My son broke his neck 19 years ago playing high-school football. Since then our home has been hell on earth. The injury has altered the life of our family and the lives of our son’s friends. I am sure the majority of readers love football. I ask them to spend one day with my son.
When I read stories like this I shake my head in wonder. I am also transported back in time to those first rough years when I was first paralyzed. Those were hard times physically and mentally. But my parents were hard people—hard and loving. I was constantly told my mind worked and that is what makes us human. I was no different than any other person. I was going to be held to the exact same standards as my siblings. Not an ounce of sympathy was ever expressed. I was the same person I was before I was paralyzed. I could and should adapt. Life moved on and do not dare feel sorry for myself. All I got was unmitigated support from my family.
Given the above, I just do not understand families like the Miley’s. Deeply religious they took their son to a Pat Robertson crusade and Lourdes, France to visit the healing shrine. My folks were deeply religious too (heavy duty Catholics) but they never prayed for a miracle cure. This, they knew, was inherently demeaning. Prayer was a central component of my parents life but their beliefs were a private matter. More to the point, why did Coffey not see what is obvious to me: paralysis is not the end of a so-called normal life. Well-established methods of adaptation exist. No one who is paralyzed should suffer. Sure being a quadriplegic creates a set of issues I have not had to adapt to. But quadriplegics, virtually all of them, learn to adapt and move on with life. Again, I do not get it. We have had decades to hone care for the human body after paralysis. It is not complicated. Anyone can adapt.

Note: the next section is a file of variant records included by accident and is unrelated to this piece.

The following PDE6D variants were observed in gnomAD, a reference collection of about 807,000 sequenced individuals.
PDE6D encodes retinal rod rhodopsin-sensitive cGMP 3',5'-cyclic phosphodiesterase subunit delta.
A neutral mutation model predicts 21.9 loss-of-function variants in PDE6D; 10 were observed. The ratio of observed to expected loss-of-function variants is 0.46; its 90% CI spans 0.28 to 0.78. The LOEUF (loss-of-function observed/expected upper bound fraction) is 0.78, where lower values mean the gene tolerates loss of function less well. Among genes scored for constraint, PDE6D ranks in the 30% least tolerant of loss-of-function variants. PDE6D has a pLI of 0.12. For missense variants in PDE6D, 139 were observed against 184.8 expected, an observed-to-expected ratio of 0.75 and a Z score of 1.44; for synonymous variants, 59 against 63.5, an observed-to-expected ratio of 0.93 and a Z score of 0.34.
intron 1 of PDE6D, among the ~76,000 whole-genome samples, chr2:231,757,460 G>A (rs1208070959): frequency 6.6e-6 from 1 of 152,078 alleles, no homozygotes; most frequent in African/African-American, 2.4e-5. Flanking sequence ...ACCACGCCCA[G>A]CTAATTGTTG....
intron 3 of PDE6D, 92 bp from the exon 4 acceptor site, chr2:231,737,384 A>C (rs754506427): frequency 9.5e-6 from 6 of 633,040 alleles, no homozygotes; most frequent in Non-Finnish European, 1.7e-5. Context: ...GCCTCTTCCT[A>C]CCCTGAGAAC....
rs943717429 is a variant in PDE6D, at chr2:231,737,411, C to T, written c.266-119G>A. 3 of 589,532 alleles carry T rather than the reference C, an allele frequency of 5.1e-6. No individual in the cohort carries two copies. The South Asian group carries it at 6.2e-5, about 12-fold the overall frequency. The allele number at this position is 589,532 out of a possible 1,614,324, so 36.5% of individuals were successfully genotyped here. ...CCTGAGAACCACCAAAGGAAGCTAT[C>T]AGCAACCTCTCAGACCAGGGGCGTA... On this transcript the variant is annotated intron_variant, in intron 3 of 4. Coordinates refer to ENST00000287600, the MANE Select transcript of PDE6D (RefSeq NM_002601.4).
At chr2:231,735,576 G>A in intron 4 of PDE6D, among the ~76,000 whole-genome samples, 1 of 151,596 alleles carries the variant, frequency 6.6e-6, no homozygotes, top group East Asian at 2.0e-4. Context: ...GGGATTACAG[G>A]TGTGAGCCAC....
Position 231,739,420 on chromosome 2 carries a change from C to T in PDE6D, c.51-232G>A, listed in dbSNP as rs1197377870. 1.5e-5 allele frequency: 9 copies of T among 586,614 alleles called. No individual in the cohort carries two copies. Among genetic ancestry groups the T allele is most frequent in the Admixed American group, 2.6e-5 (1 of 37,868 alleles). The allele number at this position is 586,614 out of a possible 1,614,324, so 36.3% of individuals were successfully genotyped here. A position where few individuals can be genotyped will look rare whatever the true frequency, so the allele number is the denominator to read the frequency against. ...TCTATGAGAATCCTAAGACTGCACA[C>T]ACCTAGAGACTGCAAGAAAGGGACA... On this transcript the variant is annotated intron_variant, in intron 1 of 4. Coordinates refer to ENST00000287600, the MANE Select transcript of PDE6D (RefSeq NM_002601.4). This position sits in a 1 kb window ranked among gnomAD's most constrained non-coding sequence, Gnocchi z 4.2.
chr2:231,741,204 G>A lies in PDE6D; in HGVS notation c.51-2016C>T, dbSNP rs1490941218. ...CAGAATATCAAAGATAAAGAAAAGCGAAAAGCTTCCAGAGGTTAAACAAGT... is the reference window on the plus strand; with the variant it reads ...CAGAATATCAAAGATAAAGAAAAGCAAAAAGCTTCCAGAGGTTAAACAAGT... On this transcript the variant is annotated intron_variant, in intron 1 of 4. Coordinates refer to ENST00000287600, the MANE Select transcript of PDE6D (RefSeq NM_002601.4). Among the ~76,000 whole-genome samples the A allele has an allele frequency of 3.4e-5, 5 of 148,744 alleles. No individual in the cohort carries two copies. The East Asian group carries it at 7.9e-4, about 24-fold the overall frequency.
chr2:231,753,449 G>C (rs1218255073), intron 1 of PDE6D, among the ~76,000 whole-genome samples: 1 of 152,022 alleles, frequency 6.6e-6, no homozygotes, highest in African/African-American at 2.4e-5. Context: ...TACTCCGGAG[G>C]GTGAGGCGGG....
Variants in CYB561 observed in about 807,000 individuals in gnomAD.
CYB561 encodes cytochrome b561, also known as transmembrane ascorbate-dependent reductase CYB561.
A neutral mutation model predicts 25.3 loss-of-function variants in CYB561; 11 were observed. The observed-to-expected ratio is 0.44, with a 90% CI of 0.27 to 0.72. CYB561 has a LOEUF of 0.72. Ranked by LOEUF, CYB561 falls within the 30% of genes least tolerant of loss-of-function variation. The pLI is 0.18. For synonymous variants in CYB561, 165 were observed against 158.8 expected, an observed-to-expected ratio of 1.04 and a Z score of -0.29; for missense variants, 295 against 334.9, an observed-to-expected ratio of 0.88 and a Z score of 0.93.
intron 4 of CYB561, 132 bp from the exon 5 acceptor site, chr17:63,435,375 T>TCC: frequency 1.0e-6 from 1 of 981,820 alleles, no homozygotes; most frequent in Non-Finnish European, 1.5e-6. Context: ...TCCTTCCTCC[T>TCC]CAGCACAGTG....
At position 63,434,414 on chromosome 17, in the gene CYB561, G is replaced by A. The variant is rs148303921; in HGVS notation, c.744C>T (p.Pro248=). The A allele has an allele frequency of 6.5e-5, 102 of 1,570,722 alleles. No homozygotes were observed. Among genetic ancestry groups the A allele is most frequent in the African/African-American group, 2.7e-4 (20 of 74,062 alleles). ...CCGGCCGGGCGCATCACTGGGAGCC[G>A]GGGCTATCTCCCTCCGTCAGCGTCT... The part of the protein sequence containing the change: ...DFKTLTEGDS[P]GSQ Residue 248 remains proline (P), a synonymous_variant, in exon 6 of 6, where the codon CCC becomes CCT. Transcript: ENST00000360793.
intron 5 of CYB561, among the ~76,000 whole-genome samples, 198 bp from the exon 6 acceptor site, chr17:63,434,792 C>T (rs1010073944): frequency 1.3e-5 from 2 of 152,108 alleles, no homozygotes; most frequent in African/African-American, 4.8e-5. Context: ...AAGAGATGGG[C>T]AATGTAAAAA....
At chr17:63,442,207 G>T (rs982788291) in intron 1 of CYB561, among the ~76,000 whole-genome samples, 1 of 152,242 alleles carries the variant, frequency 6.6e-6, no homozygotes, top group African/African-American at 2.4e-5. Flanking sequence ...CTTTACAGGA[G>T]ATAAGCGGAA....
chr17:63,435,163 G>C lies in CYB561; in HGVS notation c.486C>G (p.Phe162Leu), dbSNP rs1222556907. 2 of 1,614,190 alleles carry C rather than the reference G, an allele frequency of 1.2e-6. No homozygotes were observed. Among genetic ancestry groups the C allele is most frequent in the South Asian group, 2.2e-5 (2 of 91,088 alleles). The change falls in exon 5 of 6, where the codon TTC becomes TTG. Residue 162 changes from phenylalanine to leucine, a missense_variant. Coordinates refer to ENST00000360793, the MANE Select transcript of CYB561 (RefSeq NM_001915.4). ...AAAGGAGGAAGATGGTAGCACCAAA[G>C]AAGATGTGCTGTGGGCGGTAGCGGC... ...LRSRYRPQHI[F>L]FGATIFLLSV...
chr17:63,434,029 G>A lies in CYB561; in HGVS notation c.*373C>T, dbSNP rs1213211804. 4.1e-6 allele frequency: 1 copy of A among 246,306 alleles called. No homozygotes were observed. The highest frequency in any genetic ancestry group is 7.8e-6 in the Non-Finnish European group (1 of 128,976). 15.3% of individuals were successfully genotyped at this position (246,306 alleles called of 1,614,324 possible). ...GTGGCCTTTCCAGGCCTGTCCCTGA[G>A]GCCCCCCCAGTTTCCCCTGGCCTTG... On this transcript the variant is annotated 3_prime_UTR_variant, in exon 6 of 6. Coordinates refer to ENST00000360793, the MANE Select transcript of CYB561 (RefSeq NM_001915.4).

The most disturbing aspect of Coffey’s article and by extension the book by Kram is it sells the idea assisted suicide is and should be a legitimate option. I would ask an option for who? Proponents of such legislation and groups such as Compassion and Choices, contend you should be able to control how and when you die. Proponents claim multiple safe guards will be put in place. Assisted suicide will apply to only those with less than six months to live. All the safe guards in the world will not protect people like Buddy Miley. When a physician or beloved family members ends the life of a person like Buddy Miley or Daniel James and others with significant disabilities it will not be perceived as a criminal act. Instead such a death will be deemed an act of mercy; an expression of great self sacrifice and love. Jim Miley stated in the Coffey article “Even if I went to jail, that would not have changed anything. I would’ve done it. It’s what Buddy wanted. He was the quarterback and he called the plays. I just ran them”. Let me pose one final thought: what if Buddy Miley was not a quadriplegic. What if he was deeply depressed after a serious car accident and in the midst of an arduous recovery that would require many surgeries and a year or more of rehabilitation. Under these circumstances there is no way an assisted suicide would take place. To me, this is proof positive a double standard exists. As such I consider myself and other paralyzed people to be a class apart. This worries more than you can imagine.